After years of growth, the real estate market in the Czech capital has seen a slow but steady decline, with decreasing prices and many more new listings having turned Prague property into a buyer’s market. One factor behind the change is waning interest from foreigners to invest into real estate in the Czech capital. However, some parts of Prague have become more attractive for Czechs and foreigners alike, while others remain popular primarily with foreign clients.
In Business News this week: The Czech Ministry of Finance cuts its growth outlook for the year to almost zero; fresh figures show 7.2 percent of Czechs were jobless in Q4 2012; passenger numbers and flights were down at Prague airport last year; spas report a halving of business in just three months; and experts say luxury flats in Prague have maintained their value.
Hotel Praha in Prague 6 is due to be knocked down to make way for luxury apartments, the news website ihned.cz reported. The company that has bought the five-star facility, Maraflex, said the hotel had been constructed in such a grand style under the Communist regime that it was not economically viable to run it today. Its employees have already been let go. The hotel is where the Czech national soccer team usually stay when they are in Prague.
As Czechs went to the polls at the weekend, some had more choices to make than just choosing the next president. In seven places around the country, people also took part in local referenda, voting mostly on issues concerning public property. In the district of Prague 7 the referendum was meant to decide on how the town hall should go about putting up a new administrative building for the district. With more than 40% participation, an overwhelming majority rejected a plan to build a new administrative building for the district which many consider
In Business News this week: Czech real wages continue to fall; few Czechs plan to join a new pension system; Qatar Airways and Korean Air are interested in acquiring Czech Airlines; apartment prices expected to decrease next year; Czech spas going through hard times, and Czech architects win competition to build monument to victims of slavery in Senegal.
The city of Plzeň is perhaps best known for its iconic beer – the famous gates at the entrance to the brewery are the city’s best-known landmark. But less than a kilometre away work has begun on another, rather more controversial building. Developers want to build a gigantic shopping centre in the city centre, and opponents are campaigning for a local referendum to stop it.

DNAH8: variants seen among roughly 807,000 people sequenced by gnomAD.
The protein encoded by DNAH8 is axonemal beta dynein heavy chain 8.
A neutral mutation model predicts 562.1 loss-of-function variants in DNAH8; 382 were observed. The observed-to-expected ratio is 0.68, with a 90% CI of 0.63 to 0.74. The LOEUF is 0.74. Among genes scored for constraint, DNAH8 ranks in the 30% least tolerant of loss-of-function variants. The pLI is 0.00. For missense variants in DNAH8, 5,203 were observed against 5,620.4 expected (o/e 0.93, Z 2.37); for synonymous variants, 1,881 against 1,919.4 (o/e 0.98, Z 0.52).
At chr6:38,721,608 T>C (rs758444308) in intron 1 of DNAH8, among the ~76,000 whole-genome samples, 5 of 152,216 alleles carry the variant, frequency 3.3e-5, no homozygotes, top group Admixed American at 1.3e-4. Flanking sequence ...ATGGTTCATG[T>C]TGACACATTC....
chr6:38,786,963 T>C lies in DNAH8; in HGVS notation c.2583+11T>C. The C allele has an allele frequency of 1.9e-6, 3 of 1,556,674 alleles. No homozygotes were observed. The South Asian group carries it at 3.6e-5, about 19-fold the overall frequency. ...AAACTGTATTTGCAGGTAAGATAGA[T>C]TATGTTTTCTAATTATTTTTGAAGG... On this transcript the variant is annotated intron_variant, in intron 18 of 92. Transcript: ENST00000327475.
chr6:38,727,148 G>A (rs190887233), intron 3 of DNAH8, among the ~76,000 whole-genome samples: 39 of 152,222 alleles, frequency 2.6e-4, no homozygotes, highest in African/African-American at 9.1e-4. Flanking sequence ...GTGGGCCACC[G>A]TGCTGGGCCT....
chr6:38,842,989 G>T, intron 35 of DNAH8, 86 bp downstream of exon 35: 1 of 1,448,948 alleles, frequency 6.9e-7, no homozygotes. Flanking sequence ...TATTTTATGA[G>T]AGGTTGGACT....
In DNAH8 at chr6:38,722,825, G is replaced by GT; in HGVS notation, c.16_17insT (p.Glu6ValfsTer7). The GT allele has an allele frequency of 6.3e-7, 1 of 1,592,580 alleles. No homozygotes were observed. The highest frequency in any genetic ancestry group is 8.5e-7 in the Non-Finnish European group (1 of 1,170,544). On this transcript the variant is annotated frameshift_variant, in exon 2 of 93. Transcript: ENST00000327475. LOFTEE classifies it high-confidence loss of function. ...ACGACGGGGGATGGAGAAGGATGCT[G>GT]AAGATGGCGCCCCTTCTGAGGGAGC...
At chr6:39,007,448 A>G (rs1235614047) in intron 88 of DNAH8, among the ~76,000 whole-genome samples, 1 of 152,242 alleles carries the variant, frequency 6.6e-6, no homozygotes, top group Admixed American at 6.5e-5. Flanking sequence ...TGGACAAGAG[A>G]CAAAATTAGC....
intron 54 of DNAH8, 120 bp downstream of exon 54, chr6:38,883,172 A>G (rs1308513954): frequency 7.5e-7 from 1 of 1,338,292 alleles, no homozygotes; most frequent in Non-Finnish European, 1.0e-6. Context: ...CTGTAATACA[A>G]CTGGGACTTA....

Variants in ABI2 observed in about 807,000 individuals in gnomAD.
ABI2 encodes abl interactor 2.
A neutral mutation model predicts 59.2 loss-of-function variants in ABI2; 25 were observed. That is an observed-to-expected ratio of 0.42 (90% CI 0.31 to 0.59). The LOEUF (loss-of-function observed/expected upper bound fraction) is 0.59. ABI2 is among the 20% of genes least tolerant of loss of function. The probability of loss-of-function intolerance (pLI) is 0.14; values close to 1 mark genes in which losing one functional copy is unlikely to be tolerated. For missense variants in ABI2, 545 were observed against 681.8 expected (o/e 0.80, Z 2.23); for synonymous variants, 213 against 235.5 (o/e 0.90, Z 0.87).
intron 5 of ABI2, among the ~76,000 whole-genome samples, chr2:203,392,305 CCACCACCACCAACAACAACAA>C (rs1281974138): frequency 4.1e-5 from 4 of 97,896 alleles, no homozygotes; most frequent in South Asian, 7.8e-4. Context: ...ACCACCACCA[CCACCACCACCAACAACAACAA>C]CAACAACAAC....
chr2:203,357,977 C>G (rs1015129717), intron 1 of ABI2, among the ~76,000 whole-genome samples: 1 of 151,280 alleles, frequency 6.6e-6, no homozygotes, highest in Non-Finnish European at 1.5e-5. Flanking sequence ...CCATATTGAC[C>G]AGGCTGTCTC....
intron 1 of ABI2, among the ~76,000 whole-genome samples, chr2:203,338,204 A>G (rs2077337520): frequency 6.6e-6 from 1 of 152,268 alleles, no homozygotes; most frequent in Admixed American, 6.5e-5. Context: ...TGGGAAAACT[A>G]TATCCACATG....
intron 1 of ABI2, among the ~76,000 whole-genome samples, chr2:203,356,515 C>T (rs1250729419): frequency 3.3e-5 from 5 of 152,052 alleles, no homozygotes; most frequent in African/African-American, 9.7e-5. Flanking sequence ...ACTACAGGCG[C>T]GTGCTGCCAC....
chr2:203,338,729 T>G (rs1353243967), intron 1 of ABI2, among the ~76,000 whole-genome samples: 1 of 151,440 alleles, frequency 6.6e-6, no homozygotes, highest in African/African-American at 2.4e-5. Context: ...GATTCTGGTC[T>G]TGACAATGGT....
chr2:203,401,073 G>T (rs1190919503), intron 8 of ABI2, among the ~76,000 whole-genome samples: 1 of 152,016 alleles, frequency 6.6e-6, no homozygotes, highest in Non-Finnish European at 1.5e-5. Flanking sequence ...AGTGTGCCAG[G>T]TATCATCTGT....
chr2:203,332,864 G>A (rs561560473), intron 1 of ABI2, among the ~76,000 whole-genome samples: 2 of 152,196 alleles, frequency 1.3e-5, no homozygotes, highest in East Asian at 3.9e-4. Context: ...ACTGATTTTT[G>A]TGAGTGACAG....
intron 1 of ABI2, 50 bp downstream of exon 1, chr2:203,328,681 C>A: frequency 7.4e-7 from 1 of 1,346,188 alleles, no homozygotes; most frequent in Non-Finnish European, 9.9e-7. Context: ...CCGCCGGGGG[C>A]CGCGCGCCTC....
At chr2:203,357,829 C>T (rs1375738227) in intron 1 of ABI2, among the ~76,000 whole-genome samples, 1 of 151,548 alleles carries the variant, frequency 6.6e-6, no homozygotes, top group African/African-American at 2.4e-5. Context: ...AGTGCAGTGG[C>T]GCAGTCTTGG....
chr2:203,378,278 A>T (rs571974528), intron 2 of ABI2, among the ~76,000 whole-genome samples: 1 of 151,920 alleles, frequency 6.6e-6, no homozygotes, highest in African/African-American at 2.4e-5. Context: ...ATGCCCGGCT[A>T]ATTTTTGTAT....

With the fall of communism, it was not long before foreign investors began taking an interest in Czechoslovakia. This ranged from huge industrial multinationals to young college graduates, who arrived in Prague with backpacks in the early 1990s, and happened to spot a business opportunity. Many burned their fingers; some made a quick buck and disappeared, and others settled down and stayed here for good. In 1991, Radio Prague interviewed a few of these pioneering investors.
In this week’s business news: The Czech national debt has risen by almost 10 percent in the first half of 2012; Real estate prices are dropping for the second quarter this year, while land prices are on the rise; Škoda Auto will introduce a new Fabia specifically for the Indian consumer; Fuel prices are breaking record highs again this week; a number of operational programmes in the Czech Republic will not get the EU funds they were counting on.
The market prices of apartments continued to drop in the second quarter of 2012, according to figures by the Czech Statistical Office released on Thursday. The prices of older flats decreased by 5.7 percent while the prices of new apartments in Prague fell by 3.4 percent. Analysts say the continuing decrease in apartment prices is related to the construction of new housing projects.
On Tuesday this week Prague’s Národní třída metro station –one of the busiest in the city centre –closed its doors to the public for two long years. The closure is due to a large developer’s project in the close vicinity of the station where work has already started on a four-storey administrative and shopping centre.